I peek out through the blinds, everything crossed, hoping for a dry morning. I watch as the sun rises above the houses in the distance, its golden brightness illuminating my bedroom. I breathe a sigh of relief.

‘Wakey-wakey everyone! Time for school!’

The kids grunt and groan and eventually roll out of bed. Breakfast. Wash. Dress. Lunchboxes. Coats. Bikes out of garage. Ready to go. That’s our routine. It’s only September so thankfully so far there hasn’t been too much complaining or resistance. However, as the weeks and months go on and we find ourselves in the midst of Winter it can be challenging, to say the very least, convincing 3 tired children to extract their bodies from their cosy beds and put on their bike helmets for a dark, dreary and chilly cycle to school. They love to cycle of course, but when the frosty mornings set-in, the luxurious heat and comfort of a car looks way more inviting than the seat of a bike, head down, into the wind ride through the park to school.

So, when the Beat the Street initiative started last year I was delighted to have an extra argument in my morning ritual of persuasion to brave the elements in the name of active travel. The aim of the game is to walk, cycle, scoot, run, hop, skip or bounce your way to school (as long as you are moving those bodies), work or just get active in your daily routine and when you pass a lamppost with a Beat the Street box attached, tap your card or key fob to accumulate points for your chosen team. Visit for more information.


My kids are registered through their school and parents were sent home a card, which we then registered online, so as a family we can collect points which all contribute to the school’s total. Pretty nifty, huh?

In a culture of computer games I personally think it’s a great idea. Kids love to gather points, get the best score, compete, take on a challenge, aim to WIN! Only this way, the sit-on-your-behind, screen-in-front-of-your-face inactivity is removed and replaced with something to get kids, and grownups, outdoors and active. Deep breath, fresh air, stretch your body. GO!

It can only be a good thing encouraging families, and as a direct result, communities to be more active. We’ve all heard the stories of obesity costing our NHS millions of pounds, and the sometimes lifelong consequences of a lethargic lifestyle, not to mention the damage being done to brains by too much time spent gaming and in front of a screen. The Beat the Street challenge will aid us in striking a balance, enjoying the benefits of new technologies while also improving our overall physical and mental wellbeing.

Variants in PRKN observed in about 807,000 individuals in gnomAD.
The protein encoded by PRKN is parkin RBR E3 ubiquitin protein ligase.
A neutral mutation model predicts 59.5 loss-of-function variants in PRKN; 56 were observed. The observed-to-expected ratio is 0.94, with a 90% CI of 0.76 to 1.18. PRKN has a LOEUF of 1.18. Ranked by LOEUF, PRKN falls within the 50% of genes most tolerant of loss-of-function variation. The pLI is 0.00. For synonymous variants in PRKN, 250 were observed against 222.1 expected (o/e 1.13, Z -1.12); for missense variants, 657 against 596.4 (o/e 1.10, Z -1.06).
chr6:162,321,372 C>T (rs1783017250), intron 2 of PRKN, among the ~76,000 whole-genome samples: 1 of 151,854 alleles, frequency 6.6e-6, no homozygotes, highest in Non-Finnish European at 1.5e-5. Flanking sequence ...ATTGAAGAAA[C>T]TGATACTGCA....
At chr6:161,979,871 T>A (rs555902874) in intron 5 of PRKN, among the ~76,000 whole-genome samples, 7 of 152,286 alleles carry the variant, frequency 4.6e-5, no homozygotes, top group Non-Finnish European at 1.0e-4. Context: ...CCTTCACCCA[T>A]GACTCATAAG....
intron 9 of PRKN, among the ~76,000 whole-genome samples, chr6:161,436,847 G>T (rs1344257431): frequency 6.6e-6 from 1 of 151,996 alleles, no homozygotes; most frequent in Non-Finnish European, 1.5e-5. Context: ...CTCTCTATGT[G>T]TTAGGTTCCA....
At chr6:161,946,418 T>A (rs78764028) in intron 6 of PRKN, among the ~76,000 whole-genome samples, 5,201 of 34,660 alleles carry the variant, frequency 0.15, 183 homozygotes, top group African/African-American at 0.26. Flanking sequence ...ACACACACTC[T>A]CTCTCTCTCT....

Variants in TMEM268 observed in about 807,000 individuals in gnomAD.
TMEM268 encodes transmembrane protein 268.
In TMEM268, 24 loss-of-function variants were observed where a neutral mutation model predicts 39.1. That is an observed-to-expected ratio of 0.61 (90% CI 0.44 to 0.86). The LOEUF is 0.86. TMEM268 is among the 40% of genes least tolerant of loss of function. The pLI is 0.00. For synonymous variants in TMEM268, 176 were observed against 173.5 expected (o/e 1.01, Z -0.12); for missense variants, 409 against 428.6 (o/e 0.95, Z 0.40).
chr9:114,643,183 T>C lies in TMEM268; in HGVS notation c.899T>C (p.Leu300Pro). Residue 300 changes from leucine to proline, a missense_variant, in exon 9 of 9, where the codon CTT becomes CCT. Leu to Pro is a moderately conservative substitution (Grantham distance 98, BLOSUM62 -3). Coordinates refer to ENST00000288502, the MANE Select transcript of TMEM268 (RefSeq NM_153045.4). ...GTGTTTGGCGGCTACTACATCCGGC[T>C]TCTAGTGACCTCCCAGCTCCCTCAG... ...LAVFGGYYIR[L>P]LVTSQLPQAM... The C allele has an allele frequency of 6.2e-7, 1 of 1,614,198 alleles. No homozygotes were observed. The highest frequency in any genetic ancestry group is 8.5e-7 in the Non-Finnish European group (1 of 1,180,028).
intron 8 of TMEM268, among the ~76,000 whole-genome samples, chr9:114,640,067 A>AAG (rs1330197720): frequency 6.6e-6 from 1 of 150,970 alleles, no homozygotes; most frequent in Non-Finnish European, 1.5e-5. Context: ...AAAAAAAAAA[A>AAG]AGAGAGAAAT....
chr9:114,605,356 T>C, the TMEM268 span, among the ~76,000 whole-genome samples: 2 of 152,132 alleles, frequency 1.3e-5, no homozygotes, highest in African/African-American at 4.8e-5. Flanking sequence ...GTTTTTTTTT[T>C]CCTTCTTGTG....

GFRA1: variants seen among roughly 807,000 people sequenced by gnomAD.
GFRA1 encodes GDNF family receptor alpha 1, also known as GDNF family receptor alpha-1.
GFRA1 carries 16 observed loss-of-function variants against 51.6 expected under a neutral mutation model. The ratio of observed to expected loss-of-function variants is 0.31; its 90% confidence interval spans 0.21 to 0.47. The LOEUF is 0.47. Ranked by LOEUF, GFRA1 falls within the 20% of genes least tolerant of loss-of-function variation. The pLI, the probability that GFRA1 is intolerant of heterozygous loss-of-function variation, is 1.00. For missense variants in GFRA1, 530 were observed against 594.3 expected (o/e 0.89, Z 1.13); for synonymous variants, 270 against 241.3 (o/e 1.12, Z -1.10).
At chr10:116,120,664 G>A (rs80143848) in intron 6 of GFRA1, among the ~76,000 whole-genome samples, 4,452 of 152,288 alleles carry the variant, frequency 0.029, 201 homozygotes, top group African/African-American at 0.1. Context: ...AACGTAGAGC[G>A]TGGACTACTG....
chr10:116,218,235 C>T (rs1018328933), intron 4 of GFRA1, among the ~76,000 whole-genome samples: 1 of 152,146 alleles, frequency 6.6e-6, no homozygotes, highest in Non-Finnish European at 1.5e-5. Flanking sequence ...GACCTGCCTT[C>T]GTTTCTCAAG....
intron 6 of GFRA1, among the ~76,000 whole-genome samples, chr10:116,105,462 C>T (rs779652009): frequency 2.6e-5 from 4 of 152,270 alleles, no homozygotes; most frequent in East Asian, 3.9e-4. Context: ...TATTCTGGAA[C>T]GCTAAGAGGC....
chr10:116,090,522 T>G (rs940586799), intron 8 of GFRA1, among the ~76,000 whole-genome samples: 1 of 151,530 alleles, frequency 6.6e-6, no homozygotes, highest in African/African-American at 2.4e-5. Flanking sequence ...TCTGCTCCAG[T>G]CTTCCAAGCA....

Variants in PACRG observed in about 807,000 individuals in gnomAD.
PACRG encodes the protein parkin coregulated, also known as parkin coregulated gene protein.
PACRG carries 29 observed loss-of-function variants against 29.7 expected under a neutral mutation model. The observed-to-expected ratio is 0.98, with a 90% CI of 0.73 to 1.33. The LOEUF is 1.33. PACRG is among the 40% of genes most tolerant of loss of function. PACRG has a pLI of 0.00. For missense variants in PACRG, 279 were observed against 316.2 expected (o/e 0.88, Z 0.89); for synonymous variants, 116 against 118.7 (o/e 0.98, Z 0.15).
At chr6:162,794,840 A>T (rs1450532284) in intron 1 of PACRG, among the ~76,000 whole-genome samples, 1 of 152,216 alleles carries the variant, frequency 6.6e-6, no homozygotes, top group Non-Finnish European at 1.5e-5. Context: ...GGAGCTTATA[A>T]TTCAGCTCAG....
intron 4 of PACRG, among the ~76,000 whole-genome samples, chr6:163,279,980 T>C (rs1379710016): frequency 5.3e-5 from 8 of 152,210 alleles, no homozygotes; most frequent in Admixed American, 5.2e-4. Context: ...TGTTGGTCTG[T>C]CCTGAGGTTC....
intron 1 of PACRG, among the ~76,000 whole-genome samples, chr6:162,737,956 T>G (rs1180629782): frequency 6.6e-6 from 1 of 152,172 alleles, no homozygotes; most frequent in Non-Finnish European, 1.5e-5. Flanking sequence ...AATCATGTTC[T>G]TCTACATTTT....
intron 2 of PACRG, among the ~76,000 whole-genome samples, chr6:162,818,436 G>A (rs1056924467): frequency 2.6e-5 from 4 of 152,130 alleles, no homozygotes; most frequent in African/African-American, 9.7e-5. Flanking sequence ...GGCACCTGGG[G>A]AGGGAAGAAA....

Last year, my kids competed for the duration of the challenge. Their school didn’t win. Did that deter them from participating this time round? Not at all! They ran out of school last week waving their new key fobs at me, eager to get stuck into the game once again!

This morning, on the first day of the 2017 Beat the Street campaign, we enjoyed a dry cycle to school. Dark clouds weren’t far off. This is Northern Ireland after all!

My youngest child cycled alongside me.

‘Stupidious,’ he said. ‘Isn’t that a great word?’

I laughed and agreed. I thought for a minute, unsure if it was even a real word. But I liked the sound of it.

‘Sounds like a spell from Harry Potter,’ I said.

‘It really does,’ joined in my middle son.

The conversation continued on this topic of spells and enchantments the whole way through our local park. The boys concluded that the newly named ‘Stupidious Charm’ would be ever so useful for days when you are most tired. It would be used to render teachers stupid and therefore unable to teach, making for an easy day at school.

If we had been stuck in a car, radio on, me stressed by traffic, I truly believe that conversations of this nature wouldn’t happen. It’s a different dynamic altogether being outside and moving. There’s something about being outdoors and walking or cycling together that brings about a sense of fun and adventure that ignites imaginations and sparks little chats that are the golden moments of my day. I’m still smiling as I think about the boys waving their pretend magic wands as they cast their ‘Stupdious Charm’. It was a fun start to an ordinary day.


Certainly I cannot walk or cycle with the kids to school everyday. I work part-time and on the days I am in work I leave much earlier than everyone else in the house. On days when he doesn’t have to be away too early my husband will cycle with the boys, but sometimes they will travel in the car with him and get dropped off. That’s just life. This is the reality for working families as they try their best. However, we can endeavour whenever possible to make our morning routine an active and positive one. And it’s worth bearing in mind that Beat the Street points can be earned at any time, so an evening or weekend jaunt about town, be it on foot or on wheels can be a worthwhile activity too in a bid to collect the most points.

Are you ready to get involved in Beat the Street?….visit the website to find out more.

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